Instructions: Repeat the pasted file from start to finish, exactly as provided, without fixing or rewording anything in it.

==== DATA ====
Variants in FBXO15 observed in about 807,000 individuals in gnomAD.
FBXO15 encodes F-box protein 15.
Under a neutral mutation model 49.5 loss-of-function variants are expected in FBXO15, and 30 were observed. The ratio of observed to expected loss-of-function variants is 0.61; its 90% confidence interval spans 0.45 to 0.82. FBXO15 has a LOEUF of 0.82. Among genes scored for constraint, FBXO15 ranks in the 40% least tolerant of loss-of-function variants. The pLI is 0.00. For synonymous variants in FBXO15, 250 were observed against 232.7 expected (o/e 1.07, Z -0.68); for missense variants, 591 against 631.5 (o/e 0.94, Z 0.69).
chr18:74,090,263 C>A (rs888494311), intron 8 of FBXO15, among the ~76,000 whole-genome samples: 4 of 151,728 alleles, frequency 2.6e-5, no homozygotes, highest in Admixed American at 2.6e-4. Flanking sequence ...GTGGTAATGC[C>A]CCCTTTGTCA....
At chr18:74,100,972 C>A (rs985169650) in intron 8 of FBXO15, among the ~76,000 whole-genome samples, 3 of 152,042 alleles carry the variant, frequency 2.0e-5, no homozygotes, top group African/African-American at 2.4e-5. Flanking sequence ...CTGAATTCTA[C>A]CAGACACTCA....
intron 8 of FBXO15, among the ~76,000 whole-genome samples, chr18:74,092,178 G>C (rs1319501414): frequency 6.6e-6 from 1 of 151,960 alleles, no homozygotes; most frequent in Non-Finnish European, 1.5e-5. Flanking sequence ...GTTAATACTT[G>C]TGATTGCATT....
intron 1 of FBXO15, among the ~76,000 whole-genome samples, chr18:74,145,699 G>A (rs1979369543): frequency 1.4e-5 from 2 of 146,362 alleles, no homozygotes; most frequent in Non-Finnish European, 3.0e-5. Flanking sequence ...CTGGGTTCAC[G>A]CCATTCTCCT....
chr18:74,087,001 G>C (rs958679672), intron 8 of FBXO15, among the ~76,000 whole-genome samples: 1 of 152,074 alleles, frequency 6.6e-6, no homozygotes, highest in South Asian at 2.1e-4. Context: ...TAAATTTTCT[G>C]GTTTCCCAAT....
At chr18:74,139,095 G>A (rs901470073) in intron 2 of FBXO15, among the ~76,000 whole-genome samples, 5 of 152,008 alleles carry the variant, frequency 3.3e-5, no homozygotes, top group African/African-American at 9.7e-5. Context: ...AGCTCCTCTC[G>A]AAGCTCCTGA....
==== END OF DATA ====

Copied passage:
Variants in FBXO15 observed in about 807,000 individuals in gnomAD.
FBXO15 encodes F-box protein 15.
Under a neutral mutation model 49.5 loss-of-function variants are expected in FBXO15, and 30 were observed. The ratio of observed to expected loss-of-function variants is 0.61; its 90% confidence interval spans 0.45 to 0.82. FBXO15 has a LOEUF of 0.82. Among genes scored for constraint, FBXO15 ranks in the 40% least tolerant of loss-of-function variants. The pLI is 0.00. For synonymous variants in FBXO15, 250 were observed against 232.7 expected (o/e 1.07, Z -0.68); for missense variants, 591 against 631.5 (o/e 0.94, Z 0.69).
chr18:74,090,263 C>A (rs888494311), intron 8 of FBXO15, among the ~76,000 whole-genome samples: 4 of 151,728 alleles, frequency 2.6e-5, no homozygotes, highest in Admixed American at 2.6e-4. Flanking sequence ...GTGGTAATGC[C>A]CCCTTTGTCA....
At chr18:74,100,972 C>A (rs985169650) in intron 8 of FBXO15, among the ~76,000 whole-genome samples, 3 of 152,042 alleles carry the variant, frequency 2.0e-5, no homozygotes, top group African/African-American at 2.4e-5. Flanking sequence ...CTGAATTCTA[C>A]CAGACACTCA....
intron 8 of FBXO15, among the ~76,000 whole-genome samples, chr18:74,092,178 G>C (rs1319501414): frequency 6.6e-6 from 1 of 151,960 alleles, no homozygotes; most frequent in Non-Finnish European, 1.5e-5. Flanking sequence ...GTTAATACTT[G>C]TGATTGCATT....
intron 1 of FBXO15, among the ~76,000 whole-genome samples, chr18:74,145,699 G>A (rs1979369543): frequency 1.4e-5 from 2 of 146,362 alleles, no homozygotes; most frequent in Non-Finnish European, 3.0e-5. Flanking sequence ...CTGGGTTCAC[G>A]CCATTCTCCT....
chr18:74,087,001 G>C (rs958679672), intron 8 of FBXO15, among the ~76,000 whole-genome samples: 1 of 152,074 alleles, frequency 6.6e-6, no homozygotes, highest in South Asian at 2.1e-4. Context: ...TAAATTTTCT[G>C]GTTTCCCAAT....
At chr18:74,139,095 G>A (rs901470073) in intron 2 of FBXO15, among the ~76,000 whole-genome samples, 5 of 152,008 alleles carry the variant, frequency 3.3e-5, no homozygotes, top group African/African-American at 9.7e-5. Context: ...AGCTCCTCTC[G>A]AAGCTCCTGA....